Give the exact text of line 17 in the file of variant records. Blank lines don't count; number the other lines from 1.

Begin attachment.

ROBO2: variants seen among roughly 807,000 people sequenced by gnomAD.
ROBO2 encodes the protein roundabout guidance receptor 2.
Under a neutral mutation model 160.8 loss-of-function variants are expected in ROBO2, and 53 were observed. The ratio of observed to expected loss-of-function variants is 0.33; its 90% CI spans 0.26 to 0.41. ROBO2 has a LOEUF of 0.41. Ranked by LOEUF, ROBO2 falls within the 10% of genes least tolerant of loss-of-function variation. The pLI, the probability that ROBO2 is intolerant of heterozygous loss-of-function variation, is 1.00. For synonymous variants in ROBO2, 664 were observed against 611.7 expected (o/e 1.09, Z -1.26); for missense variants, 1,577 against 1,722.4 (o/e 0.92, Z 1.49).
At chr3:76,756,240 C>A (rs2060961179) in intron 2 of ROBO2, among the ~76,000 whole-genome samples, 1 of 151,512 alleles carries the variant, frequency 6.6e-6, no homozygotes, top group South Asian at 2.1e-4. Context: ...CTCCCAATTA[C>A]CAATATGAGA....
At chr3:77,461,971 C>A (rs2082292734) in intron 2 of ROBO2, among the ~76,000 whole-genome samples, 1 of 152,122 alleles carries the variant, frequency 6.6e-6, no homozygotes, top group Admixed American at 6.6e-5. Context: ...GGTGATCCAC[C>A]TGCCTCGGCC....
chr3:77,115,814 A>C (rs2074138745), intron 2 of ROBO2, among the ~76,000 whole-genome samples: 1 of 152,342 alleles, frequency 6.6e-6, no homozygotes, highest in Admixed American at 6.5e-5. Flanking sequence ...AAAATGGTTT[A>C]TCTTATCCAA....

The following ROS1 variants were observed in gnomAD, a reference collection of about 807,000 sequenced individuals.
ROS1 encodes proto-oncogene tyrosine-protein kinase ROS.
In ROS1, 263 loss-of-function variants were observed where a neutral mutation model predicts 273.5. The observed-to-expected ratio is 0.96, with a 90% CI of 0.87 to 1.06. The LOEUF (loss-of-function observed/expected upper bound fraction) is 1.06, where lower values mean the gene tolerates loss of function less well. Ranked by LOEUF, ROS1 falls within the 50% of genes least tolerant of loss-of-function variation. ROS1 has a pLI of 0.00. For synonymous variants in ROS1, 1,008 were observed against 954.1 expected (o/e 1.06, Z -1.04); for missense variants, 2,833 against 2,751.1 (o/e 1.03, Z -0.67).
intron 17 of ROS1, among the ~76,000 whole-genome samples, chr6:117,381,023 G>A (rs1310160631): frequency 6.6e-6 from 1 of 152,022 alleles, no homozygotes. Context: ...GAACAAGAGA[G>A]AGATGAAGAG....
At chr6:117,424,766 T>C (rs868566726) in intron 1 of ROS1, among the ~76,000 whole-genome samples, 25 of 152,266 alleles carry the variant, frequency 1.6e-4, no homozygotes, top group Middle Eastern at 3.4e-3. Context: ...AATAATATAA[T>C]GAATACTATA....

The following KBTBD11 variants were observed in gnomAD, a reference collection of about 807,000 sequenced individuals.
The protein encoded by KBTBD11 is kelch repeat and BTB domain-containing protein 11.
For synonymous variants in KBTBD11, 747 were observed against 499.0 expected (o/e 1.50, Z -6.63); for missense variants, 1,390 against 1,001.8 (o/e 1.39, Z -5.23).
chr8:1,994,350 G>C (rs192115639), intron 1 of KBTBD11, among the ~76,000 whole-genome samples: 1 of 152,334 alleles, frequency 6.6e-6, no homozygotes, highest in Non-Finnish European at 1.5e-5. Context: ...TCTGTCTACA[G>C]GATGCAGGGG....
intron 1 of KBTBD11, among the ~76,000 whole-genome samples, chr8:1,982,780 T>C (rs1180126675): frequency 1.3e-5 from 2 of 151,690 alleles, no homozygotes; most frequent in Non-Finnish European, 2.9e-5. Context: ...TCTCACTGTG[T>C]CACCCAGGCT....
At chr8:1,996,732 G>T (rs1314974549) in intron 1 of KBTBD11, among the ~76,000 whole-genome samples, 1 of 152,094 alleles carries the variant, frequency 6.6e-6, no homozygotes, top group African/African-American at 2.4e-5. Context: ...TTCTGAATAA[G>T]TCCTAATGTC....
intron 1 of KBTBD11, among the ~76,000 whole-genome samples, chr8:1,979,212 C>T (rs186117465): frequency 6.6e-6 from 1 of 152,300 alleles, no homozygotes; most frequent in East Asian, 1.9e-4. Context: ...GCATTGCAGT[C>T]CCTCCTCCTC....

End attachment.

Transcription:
At chr8:1,996,732 G>T (rs1314974549) in intron 1 of KBTBD11, among the ~76,000 whole-genome samples, 1 of 152,094 alleles carries the variant, frequency 6.6e-6, no homozygotes, top group African/African-American at 2.4e-5. Context: ...TTCTGAATAA[G>T]TCCTAATGTC....